CHICAGO — The Chicago Department of Transportation (CDOT) unveiled newly developed Complete Streets design guidelines to ensure that Chicago’s roadways are designed and built in a balanced way to improve safety for all users. “Complete Streets Chicago: Design Guidelines” incorporates best practices from around the world and reevaluates how Chicago designs, builds and maintains its streets with a primary emphasis on walking, bicycling and public transit. The plan codifies CDOT’s efforts to implement the City’s 2006 Complete Streets Policy, which calls for safe and convenient travel by all modes of transportation.

“We must build and maintain our roads for healthy business districts, vibrant neighborhoods and high quality of life, and measure success through improved safety, mode choices and livability,” said CDOT Commissioner Gabe Klein. “With complete streets, we are designing for all modes of transportation by looking for ways to improve our health, safety and economy while addressing our changing transportation needs.”

All CDOT projects and programs will favor pedestrians as a priority mode of transportation. Chicago is among the first cities in the nation to decisively place pedestrians first, while also providing safe access for bicyclists, transit users, trucks and automobiles.

In addition, street design will be conducted in a manner that supports context and transportation mode priorities, and is not limited by rigid engineering standards. This will allow staff to develop innovative solutions that meet the overarching goals of a complete street, including:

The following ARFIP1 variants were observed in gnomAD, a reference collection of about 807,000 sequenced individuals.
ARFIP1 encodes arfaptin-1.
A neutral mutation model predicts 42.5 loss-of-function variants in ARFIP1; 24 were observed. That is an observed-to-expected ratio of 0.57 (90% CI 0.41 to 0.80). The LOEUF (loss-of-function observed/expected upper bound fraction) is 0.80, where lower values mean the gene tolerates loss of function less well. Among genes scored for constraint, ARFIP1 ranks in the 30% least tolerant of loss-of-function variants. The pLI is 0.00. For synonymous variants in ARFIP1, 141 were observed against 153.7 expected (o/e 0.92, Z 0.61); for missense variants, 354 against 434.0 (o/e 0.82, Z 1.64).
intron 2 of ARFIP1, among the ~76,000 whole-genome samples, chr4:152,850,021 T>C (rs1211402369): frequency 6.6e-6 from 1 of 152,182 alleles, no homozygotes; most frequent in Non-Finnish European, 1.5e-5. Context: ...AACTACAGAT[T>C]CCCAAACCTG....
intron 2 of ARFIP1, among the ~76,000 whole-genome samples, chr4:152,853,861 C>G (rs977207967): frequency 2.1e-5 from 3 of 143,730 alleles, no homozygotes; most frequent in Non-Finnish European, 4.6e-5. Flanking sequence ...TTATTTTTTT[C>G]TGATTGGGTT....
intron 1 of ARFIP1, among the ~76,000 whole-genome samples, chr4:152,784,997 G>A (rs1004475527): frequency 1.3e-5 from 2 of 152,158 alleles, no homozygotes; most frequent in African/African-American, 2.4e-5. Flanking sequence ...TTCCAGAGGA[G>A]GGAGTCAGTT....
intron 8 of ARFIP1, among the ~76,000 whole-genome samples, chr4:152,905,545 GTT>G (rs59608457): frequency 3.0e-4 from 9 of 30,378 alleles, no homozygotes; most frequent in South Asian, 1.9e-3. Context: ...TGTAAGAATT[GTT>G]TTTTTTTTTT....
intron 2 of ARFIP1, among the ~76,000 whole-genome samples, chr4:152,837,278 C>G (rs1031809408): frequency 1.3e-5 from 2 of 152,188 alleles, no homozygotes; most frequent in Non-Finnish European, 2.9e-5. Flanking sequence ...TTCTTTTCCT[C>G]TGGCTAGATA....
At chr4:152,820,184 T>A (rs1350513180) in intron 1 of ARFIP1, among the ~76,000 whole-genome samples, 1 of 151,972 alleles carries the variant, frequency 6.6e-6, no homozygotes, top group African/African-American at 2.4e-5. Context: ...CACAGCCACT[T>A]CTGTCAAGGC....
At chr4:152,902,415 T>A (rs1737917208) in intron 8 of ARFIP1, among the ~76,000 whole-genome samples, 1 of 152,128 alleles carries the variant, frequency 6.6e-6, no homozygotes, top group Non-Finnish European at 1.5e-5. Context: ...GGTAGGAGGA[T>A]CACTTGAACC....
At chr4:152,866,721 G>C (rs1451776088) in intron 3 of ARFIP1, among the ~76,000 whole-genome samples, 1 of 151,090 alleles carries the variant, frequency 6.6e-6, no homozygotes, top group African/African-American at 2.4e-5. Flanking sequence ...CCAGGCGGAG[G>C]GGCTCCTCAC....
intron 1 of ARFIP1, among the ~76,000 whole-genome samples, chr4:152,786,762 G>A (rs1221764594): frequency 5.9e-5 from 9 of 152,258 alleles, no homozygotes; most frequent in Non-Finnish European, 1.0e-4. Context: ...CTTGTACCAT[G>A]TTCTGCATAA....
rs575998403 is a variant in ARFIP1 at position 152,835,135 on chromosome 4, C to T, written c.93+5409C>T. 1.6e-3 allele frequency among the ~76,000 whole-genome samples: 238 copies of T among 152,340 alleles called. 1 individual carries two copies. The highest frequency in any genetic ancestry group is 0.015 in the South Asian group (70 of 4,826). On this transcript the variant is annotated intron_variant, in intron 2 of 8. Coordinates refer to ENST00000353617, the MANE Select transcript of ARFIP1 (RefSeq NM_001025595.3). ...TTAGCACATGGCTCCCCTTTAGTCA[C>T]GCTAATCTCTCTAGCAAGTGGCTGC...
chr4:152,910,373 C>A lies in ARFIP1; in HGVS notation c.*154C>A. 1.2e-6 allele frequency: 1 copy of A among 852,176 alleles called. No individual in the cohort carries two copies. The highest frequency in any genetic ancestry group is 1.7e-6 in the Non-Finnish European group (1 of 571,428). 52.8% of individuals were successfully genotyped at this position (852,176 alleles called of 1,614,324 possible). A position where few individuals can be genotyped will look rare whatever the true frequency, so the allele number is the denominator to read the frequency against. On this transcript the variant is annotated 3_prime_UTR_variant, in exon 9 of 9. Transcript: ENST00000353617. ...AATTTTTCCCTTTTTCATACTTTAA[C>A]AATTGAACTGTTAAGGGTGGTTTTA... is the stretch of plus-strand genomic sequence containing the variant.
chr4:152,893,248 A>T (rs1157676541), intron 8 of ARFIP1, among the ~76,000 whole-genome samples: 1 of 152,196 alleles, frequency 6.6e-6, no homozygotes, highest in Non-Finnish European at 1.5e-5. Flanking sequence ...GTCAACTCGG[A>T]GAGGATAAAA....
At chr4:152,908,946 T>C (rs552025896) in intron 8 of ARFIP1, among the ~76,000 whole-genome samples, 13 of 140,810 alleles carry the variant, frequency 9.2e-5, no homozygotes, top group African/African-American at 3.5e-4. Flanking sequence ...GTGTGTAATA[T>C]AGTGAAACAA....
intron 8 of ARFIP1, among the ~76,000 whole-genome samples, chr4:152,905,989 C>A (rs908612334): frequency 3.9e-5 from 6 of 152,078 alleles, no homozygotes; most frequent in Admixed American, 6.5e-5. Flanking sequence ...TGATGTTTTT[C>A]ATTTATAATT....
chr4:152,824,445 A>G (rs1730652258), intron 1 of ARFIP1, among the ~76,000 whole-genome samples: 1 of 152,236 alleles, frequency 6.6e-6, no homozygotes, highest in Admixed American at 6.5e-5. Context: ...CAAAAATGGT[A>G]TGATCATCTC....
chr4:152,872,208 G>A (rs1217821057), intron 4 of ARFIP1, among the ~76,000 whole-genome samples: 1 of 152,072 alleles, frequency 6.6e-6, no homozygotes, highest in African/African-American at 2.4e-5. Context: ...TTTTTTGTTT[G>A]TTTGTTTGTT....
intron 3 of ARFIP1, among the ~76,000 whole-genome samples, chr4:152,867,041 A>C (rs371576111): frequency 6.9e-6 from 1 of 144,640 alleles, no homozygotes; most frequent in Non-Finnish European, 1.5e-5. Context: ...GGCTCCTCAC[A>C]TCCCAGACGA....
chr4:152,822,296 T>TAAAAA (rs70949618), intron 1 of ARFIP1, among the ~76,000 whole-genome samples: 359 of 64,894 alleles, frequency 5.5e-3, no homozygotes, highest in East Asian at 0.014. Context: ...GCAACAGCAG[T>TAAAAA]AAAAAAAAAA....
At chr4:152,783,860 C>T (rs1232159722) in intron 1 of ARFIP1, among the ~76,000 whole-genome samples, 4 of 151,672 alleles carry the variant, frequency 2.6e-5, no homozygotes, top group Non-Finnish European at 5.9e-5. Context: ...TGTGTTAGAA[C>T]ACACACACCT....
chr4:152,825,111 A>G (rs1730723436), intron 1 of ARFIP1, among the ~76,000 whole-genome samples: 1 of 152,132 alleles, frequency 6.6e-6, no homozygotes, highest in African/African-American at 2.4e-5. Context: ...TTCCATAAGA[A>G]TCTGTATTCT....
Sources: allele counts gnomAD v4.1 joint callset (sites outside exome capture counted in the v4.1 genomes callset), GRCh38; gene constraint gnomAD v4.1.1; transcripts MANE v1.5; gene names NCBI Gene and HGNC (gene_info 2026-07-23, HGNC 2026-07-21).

• supporting active transportation to address obesity and improve health;
• enhancing neighborhood economies by drawing people to shop, live, and work in walkable, livable communities;
• designing to protect all users, reduce speeding and decrease crashes; and
• addressing the changing transportation needs of Chicagoans, who are driving less and using other modes.

CDOT is also driven by goals to eliminate pedestrian crash fatalities in 10 years; reduce pedestrian and bike crash injuries by 50 percent in five years; and reaching 50 percent of commuting trips made by walking, biking, transit, and working from home by 2030 (currently at 38 percent).

“Complete Streets Chicago” (download at is a goal-oriented effort tied directly to Chicago Forward, CDOT’s two-year action agenda. It also has been developed in tandem with its sister publication, “Sustainable Urban Infrastructure Guidelines and Policies,” which provides guidance on creating streets that are intended to be more efficient, more economical, and mitigate some of the effects of climate change.